Many pharmacists are turning their backs on the profession – and more than 80% say they would not recommend it as a career
Professional Pharmacists Australia president Dr Geoff March has slammed big corporates and banner groups in an introduction to the union’s newly released 2018 Community Pharmacists Report.
“2018 has seen the intensification of the shift away from professionalism towards commercialism,” Dr March writes.
“Approximately 60% of the ‘My Chemist’ group’s revenue comes from retail product sales.
“The tradition of local pharmacy being independent has been further eroded with greater concentration of ownership into smaller groups of owners and corporations through complex legal arrangements.
“The four largest corporates and banner groups now account for 70% of revenue in community pharmacy.”
This trend, combined with a continued decline in real wages across most of the profession, including via another round of cuts to penalty rates, together create a greater imbalance of power between larger employers, which have human resource departments, and individual employee pharmacists, he writes.
“The result is the lower reported wages for pharmacists working at discount pharmacies.”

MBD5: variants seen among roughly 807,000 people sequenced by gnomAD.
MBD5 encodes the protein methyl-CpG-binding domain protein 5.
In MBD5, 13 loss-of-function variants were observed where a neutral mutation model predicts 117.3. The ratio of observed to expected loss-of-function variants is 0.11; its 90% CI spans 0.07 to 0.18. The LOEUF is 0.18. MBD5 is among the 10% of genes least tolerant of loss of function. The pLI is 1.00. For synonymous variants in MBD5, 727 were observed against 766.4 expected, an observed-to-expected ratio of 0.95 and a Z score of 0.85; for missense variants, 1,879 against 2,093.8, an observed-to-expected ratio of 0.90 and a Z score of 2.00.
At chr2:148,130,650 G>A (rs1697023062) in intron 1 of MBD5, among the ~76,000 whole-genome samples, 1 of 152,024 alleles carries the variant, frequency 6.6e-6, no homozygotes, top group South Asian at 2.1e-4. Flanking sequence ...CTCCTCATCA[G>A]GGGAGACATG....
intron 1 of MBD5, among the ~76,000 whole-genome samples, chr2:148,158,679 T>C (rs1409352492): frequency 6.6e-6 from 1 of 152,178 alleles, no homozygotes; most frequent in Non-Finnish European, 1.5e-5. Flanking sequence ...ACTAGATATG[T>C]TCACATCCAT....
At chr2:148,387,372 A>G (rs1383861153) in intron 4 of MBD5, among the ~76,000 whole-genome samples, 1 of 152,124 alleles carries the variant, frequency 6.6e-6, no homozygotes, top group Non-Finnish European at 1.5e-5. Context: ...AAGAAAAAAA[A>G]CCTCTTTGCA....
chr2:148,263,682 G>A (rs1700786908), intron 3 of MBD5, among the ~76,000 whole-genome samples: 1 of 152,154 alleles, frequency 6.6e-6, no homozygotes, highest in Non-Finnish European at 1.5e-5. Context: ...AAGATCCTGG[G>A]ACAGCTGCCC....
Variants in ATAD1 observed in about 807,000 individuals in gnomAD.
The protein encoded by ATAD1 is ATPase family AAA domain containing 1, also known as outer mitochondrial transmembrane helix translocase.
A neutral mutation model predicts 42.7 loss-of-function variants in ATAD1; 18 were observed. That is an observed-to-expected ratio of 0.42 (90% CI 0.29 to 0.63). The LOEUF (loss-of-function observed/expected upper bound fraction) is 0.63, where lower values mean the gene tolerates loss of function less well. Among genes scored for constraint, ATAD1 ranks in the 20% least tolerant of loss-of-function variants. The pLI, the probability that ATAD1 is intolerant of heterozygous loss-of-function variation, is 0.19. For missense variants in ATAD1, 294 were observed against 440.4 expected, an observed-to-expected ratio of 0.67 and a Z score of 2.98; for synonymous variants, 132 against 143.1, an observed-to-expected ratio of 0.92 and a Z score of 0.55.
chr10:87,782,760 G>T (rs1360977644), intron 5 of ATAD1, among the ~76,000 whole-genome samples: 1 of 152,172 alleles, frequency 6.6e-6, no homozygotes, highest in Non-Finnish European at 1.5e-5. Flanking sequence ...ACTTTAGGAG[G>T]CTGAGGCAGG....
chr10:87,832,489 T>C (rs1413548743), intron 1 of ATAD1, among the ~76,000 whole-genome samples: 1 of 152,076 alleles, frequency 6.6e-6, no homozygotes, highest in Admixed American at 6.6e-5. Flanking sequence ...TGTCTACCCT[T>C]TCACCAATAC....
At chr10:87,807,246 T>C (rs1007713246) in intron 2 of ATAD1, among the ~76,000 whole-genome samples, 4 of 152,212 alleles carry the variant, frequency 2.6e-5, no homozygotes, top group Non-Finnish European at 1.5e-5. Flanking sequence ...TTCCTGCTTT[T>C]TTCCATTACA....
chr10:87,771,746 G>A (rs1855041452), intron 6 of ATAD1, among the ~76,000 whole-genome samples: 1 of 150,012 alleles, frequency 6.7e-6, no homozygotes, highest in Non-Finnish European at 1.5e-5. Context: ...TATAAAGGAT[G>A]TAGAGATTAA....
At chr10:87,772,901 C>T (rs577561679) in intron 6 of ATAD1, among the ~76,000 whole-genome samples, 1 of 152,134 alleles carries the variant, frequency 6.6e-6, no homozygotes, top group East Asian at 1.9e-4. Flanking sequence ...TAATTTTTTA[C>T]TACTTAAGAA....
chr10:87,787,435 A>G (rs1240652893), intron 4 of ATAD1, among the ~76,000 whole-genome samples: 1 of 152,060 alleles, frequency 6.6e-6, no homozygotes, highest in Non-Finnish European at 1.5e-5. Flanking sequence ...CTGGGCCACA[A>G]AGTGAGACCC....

In a statement on its website, PPA also said that “discount pharmacies like Chemist Warehouse are leading the race to the bottom on wages”.
“They use low rates of pay to support their focus on profits. To compete, more traditional pharmacies and banner groups like Amcal and Priceline are also lower their wages.
“Many pharmacists are turning their backs on the industry, saying they see no future in the profession.”
The PPA found that morale in the profession is not good.
When asked whether they would recommend pharmacy as a career, only 17.2% said yes.
“Pharmacists working for independent pharmacies not under a banner group were the most positive, but even then only 22% said they would recommend pharmacy as a career,” the report said.
“Attitudes were particularly negative within National Pharmacies where only 3.8% of respondents said they would recommend pharmacy.